Putting Up Hay
“Blessed are those whose lawless deeds are forgiven” (Romans 4:9).
One summer, when I was in college, I worked on the Taussig Ranch near Kremmling, Colorado. One evening, tired and hungry after a long day of mowing hay, I drove the tractor into the yard and, acting like the hot dog I considered myself to be, cranked the steering wheel hard to the left, stamped on the left brake and spun the tractor around.
The sickle was down and swept the legs out from under a 500 gallon gasoline tank standing nearby. The tank hit the ground with a resounding "CRUMP!" The seams split and all the gasoline spewed out.
Mr. Taussig was standing nearby surveying the scene.
I got off the tractor, stammered an apology and—because it was the first thing that popped into my mind—offered to work the rest of the summer or the rest of my life—whatever came first—without pay.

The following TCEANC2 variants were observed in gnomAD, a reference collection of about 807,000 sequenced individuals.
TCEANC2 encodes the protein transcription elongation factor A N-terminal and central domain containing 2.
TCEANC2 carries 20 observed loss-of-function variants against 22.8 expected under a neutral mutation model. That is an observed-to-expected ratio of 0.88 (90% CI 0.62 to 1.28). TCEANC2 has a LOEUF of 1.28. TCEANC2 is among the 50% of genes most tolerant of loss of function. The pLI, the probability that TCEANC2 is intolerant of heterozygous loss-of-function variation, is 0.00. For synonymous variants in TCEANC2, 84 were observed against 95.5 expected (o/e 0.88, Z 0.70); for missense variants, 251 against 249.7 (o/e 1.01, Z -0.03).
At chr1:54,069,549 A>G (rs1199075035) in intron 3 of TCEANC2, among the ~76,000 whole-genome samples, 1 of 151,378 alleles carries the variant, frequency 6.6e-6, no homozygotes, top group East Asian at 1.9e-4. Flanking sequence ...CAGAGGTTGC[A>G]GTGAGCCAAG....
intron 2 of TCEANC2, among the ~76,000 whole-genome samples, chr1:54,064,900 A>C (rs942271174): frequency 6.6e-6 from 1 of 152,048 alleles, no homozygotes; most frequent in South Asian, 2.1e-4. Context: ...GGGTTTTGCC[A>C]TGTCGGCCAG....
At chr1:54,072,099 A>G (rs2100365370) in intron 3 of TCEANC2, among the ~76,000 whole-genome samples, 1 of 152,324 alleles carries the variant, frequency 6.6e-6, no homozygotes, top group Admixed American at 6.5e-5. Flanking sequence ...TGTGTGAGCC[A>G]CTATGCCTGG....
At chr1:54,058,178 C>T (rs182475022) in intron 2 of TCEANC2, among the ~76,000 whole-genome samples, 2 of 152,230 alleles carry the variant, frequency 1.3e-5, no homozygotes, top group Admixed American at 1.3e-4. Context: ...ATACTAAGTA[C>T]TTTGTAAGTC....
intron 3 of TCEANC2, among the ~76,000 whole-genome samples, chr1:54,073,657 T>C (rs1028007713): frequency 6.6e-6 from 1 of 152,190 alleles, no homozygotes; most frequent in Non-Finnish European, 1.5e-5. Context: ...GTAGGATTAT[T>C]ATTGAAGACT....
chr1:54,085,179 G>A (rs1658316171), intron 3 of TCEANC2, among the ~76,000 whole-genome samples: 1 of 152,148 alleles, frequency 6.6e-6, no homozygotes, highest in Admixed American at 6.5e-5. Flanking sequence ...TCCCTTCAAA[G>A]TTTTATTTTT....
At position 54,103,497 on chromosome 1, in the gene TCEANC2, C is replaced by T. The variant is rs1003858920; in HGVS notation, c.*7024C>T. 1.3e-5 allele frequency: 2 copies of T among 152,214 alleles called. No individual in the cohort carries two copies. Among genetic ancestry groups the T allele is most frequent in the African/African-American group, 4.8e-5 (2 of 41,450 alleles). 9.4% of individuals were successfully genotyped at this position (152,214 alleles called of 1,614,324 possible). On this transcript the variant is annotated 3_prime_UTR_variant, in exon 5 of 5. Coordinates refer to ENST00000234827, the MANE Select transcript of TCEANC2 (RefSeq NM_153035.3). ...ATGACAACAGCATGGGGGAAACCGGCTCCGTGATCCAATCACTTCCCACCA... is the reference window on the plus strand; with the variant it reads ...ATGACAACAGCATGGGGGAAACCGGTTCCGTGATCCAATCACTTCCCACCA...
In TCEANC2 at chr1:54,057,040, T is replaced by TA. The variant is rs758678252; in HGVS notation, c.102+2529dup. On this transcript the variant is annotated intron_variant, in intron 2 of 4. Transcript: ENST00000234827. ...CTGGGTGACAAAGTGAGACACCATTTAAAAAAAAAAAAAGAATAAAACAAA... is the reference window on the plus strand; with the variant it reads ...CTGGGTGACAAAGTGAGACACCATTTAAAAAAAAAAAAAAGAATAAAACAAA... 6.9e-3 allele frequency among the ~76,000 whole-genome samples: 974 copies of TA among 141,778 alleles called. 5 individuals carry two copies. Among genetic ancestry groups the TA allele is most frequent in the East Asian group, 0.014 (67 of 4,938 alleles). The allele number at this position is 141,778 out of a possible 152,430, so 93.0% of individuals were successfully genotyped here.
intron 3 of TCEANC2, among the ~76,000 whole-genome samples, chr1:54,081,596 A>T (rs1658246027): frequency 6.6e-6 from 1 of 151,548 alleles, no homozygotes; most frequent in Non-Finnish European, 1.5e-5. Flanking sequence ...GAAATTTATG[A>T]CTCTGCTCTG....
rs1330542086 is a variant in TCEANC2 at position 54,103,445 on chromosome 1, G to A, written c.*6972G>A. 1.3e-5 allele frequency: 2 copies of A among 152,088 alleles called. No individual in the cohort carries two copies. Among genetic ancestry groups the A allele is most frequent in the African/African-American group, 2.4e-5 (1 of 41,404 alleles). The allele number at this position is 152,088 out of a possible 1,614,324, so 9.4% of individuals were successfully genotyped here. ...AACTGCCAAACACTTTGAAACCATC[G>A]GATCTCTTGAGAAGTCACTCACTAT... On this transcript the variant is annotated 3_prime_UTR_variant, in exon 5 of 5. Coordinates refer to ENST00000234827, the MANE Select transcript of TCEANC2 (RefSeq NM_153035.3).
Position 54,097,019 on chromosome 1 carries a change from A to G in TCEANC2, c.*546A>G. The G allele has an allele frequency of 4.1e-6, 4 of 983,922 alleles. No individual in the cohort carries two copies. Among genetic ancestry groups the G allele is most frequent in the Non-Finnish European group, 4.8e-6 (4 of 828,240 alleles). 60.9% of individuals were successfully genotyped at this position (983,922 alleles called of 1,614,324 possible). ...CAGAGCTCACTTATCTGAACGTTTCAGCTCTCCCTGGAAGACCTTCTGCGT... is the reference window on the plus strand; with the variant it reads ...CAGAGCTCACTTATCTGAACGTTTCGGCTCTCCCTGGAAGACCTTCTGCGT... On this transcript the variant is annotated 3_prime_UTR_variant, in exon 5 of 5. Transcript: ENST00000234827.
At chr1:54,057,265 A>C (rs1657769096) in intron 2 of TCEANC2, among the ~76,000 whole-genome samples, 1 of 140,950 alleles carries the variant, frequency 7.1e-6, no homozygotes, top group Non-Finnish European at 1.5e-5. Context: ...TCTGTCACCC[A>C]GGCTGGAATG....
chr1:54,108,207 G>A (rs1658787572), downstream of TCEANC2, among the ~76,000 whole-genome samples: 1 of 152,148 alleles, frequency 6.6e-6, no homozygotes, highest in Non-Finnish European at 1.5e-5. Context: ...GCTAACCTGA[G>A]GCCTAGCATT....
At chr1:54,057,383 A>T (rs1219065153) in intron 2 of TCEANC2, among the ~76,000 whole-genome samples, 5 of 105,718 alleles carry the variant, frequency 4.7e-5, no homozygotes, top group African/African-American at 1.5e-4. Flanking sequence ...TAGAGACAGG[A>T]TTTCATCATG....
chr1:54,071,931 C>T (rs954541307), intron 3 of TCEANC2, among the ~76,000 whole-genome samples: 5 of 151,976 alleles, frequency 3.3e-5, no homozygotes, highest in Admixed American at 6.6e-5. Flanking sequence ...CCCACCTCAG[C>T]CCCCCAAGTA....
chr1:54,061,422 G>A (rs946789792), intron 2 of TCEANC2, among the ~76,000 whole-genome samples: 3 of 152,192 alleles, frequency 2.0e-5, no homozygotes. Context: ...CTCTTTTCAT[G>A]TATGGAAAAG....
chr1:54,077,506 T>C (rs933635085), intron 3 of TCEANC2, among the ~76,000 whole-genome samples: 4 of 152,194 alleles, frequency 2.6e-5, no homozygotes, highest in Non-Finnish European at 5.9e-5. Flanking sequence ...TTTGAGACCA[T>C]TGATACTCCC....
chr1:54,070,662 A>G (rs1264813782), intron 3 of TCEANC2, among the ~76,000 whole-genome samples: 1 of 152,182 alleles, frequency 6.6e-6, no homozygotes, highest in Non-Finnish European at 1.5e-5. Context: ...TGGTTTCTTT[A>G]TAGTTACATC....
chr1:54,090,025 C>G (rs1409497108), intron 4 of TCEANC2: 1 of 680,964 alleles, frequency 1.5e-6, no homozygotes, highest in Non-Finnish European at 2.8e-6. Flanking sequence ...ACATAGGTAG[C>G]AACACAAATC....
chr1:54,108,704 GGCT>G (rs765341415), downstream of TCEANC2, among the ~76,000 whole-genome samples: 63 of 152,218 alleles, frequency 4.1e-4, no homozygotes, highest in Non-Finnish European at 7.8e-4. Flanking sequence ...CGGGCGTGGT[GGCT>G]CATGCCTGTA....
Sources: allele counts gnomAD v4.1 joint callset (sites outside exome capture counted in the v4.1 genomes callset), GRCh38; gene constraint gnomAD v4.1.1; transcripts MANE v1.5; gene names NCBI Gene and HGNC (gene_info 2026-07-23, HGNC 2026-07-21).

The old rancher stared at the wreckage for a moment, and turned toward the house. “Let’s go have supper,” He drawled.
A vaguely-remembered scrap of a story Jesus told passed through my mind—a story about a young man who had done a terrible thing: “Father, I have sinned against you” he cried… “Make me like one of your hired servants.” But before he could get all the words out of his mouth his father interrupted him. “Let’s go have supper” he said (Luke 15:22-24).
Such is God’s amazing grace.